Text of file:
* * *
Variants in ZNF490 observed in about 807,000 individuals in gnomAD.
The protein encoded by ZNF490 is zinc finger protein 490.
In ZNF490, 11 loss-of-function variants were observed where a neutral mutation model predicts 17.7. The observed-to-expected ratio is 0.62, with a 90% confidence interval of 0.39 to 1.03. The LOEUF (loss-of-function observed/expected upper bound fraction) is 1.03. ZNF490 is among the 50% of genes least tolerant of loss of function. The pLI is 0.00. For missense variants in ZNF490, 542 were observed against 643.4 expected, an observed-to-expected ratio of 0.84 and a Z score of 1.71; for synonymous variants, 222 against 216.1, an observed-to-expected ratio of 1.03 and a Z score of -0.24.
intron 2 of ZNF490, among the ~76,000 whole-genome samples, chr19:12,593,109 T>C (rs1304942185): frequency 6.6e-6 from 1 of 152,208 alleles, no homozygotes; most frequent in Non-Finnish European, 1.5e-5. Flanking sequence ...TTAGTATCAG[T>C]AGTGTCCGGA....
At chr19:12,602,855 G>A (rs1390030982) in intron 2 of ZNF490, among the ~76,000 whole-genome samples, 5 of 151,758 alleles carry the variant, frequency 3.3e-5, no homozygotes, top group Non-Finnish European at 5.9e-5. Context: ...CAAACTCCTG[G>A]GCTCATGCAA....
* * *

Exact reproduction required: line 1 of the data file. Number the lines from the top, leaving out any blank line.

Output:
Variants in ZNF490 observed in about 807,000 individuals in gnomAD.